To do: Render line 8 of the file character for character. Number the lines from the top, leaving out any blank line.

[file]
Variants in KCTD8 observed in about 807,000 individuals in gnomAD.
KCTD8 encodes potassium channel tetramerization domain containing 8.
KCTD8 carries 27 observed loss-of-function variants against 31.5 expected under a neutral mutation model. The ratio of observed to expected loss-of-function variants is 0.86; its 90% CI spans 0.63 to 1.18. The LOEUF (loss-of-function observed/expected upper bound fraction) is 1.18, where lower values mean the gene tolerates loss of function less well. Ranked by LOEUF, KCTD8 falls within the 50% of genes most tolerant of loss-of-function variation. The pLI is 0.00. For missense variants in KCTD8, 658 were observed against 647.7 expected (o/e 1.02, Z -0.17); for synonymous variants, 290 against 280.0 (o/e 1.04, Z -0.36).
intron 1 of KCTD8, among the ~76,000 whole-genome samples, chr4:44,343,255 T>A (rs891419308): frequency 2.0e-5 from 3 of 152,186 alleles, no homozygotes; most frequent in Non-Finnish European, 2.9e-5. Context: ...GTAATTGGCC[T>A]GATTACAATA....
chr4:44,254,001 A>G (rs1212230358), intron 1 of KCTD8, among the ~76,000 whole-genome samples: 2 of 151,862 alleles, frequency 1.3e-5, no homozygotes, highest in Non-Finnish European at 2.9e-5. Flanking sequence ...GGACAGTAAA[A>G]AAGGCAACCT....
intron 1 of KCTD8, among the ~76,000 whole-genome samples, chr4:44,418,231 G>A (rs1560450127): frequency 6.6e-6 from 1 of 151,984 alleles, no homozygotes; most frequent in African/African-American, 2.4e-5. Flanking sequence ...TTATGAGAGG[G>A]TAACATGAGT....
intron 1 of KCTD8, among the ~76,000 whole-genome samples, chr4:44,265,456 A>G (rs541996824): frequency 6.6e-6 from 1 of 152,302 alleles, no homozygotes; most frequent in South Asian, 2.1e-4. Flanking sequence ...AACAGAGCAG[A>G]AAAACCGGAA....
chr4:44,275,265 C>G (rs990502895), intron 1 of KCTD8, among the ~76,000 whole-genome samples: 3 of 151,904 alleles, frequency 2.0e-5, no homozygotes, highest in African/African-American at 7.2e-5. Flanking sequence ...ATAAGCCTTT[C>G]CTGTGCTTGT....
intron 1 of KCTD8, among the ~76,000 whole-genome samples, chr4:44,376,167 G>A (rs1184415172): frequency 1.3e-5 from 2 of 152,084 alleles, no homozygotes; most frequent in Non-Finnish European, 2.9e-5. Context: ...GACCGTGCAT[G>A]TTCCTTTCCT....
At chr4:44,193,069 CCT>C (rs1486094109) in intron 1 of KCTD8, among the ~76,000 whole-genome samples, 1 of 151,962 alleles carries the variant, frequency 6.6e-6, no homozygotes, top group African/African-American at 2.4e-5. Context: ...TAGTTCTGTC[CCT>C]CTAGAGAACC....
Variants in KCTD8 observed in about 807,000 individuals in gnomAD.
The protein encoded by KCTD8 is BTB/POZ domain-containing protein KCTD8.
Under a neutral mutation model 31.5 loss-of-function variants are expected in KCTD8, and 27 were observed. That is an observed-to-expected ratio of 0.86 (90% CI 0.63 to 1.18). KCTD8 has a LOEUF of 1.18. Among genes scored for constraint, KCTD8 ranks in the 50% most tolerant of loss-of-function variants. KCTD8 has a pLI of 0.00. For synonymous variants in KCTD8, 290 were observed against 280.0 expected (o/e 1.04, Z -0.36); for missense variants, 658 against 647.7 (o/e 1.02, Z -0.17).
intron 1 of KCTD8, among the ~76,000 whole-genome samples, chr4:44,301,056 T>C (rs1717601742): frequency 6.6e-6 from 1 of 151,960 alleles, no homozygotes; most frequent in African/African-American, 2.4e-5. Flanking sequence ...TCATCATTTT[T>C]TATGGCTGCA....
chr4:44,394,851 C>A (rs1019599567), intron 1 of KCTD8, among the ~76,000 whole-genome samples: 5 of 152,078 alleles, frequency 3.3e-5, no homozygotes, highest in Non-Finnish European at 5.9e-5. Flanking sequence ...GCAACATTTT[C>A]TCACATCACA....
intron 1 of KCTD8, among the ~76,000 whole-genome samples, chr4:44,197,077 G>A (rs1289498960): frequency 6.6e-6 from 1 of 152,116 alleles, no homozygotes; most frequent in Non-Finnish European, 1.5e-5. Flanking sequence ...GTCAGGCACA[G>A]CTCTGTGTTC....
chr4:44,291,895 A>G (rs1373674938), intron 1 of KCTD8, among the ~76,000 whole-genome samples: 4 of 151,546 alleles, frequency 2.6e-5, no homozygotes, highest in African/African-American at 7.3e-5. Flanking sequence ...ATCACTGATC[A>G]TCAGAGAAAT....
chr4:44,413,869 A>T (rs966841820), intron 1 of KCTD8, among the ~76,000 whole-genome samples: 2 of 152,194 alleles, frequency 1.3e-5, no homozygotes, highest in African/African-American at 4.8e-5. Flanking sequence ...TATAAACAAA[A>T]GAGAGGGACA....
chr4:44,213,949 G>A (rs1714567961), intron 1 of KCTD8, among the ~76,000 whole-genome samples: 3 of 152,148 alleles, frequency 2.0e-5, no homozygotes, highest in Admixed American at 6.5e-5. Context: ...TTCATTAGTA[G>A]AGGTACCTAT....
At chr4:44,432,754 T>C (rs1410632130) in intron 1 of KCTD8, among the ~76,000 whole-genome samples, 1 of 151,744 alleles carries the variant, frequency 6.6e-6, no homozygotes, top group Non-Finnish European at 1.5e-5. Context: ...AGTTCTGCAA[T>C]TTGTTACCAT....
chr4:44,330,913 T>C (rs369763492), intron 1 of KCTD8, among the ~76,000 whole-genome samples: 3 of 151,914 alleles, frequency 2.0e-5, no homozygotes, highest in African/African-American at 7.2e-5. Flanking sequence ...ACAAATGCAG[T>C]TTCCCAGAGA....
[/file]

chr4:44,275,265 C>G (rs990502895), intron 1 of KCTD8, among the ~76,000 whole-genome samples: 3 of 151,904 alleles, frequency 2.0e-5, no homozygotes, highest in African/African-American at 7.2e-5. Flanking sequence ...ATAAGCCTTT[C>G]CTGTGCTTGT....